“No more Spanish!” A sentence that my mother, a proud Mexican, told my siblings and myself at six years old. During a parent-teacher conference between my then-American stepfather and his daughter, the teacher said “All Mexicans are good for is mowing our lawns.” At that moment, my mother had completely lost all that she had brought from Mexico with her. Mexico was Spanish, but she knew that Americans did not want Mexico in their country. Not long after this event, we became Americans outside of our homes who only knew English. It felt like every day I was saying to the world "Hello, can I be Mexican, or do you want me to be your perfect All-American neighbor? Pick which character to start your game!" With my entire family in Mexico, I had no one to look up to who looked like me. Now that I have grown and times have improved, I embrace my culture, language, and background more than ever. Now that I have a baby niece on the way, I hope to create a positive representation for her. I hope to give representation to my community as well to avoid them going through the same experiences that I did. As a person who has struggled with anxiety and depression from a young age, mental health is so important to me. For some people, it may be their first time visiting the salon after years of their own mental health struggles. Because of this, I hope to create a safe space where they feel comfortable. By understanding how MH can impact someone's life and knowing how to create a space of no judgment, I can incorporate a space for both in my practice. As a child, DV shelters were once considered home for us. Because of this, I gained a passion for giving back to communities, especially to the same communities that helped us during moments of vulnerability. I hope to give back to specifically youth and marginalized communities by offering haircut services free of charge. The things that I have presented today are the very things that have inspired me to become a hairdresser. These things will forever be valued by me even after ten years pass by. I hope to create positive representation through hair, to reflect my love for MH within my practice, and to give back to my community through the art of hair.
    Barber & Stylist Scholarship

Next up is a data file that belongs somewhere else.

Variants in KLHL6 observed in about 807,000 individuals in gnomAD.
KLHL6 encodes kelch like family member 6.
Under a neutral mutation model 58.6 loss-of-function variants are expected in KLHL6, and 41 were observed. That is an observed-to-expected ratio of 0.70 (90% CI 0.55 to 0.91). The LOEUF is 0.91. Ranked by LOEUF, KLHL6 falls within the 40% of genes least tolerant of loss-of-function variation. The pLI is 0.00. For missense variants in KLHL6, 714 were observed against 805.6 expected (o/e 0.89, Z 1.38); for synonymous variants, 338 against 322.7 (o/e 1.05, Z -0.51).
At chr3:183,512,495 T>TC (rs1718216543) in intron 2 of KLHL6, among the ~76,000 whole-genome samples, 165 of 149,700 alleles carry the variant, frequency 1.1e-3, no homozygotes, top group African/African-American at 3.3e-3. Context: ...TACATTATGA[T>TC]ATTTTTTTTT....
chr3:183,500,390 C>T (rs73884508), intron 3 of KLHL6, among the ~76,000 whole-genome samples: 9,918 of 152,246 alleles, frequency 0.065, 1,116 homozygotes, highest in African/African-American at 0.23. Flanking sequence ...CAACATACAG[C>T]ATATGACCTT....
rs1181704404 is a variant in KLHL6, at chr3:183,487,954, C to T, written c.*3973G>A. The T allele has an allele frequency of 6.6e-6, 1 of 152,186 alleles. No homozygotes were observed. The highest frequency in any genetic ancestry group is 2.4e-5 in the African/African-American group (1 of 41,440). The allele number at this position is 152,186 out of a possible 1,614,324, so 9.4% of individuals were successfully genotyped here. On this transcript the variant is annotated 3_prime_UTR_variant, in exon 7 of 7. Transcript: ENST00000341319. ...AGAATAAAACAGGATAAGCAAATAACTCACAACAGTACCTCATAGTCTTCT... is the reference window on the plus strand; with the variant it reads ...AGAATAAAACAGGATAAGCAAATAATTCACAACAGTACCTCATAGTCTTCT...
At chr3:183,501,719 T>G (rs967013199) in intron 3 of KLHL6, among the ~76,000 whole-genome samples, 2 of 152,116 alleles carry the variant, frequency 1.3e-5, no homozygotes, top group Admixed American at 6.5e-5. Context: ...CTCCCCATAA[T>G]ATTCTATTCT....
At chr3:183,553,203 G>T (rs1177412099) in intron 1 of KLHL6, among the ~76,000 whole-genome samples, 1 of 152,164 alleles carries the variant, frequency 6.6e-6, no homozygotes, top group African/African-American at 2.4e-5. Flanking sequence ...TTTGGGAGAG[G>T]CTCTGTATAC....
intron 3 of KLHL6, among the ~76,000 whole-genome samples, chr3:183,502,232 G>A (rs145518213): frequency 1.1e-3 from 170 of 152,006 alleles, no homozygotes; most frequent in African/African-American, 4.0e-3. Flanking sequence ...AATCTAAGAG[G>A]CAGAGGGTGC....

In total, it took five different mental health professionals to diagnose me with social anxiety before I accepted any help. My anxiety was so severe that my first exercise was having me sit outside on my front porch for five minutes a day. The task was so simple yet so terrifying for me. When my therapist asked me what my goals of therapy were, I sat in silence for an awkward minute and thought the obvious…to get better? She laughed and rephrased her question, "What would you do if your anxiety did not exist?" I sat in silence again for another long pause when I realized I never had a chance to explore my interests. Anxiety felt like having a strict parent who would not let you do anything. I loved music yet had never been to a concert before. Coincidentally, one of my favorite artists was touring that year. After my session, I made a risky move by buying non-refundable tickets to a concert that I hoped to attend. It was official, I was going to see Harry Styles live...hopefully. For the next year, I pushed myself to become the person I strived to be. I started by getting my very first job after many rejections. The next step was getting my GED. I accomplished this goal in a month. By committing to my weekly therapy sessions, I slowly started to gain a piece of my life back, while becoming a better version of myself. Come November 7th, the night of the concert. After a brief moment of panic that had me contemplating if I should ditch my concert, I was ready despite everything. To say that that night changed my entire life is an understatement. I would have never discovered that concerts are my happy place if I never tried. At concerts, you see groups of people from different walks of life come together with probably nothing in common but one thing: wanting to live life to the fullest. Seeing the amount of expressive hairstyles and haircuts at these concerts made me fall in love with the art of hair. The same way a haircut makes someone feel is a glimpse of how a concert makes me feel—expressive, alive, timeless. Ever since that moment, I knew I had to pursue hair. My goal is to provide services with as much care, empathy, and attention to detail as one can offer. Following my Harry concert, I started to go to many more such as Inhaler, The Backseat Lovers, Cigarettes After Sex, Arctic Monkeys, etc. Aside from my contributions, I will be relying solely on scholarships and student loans to fund my schooling. I hope to get my entire schooling covered by these financial opportunities to allow me to focus entirely on school and not have to stress about schooling costs. Additionally, this award would allow me to build a life for my family and myself by having a stable income from a career that I feel passionate about.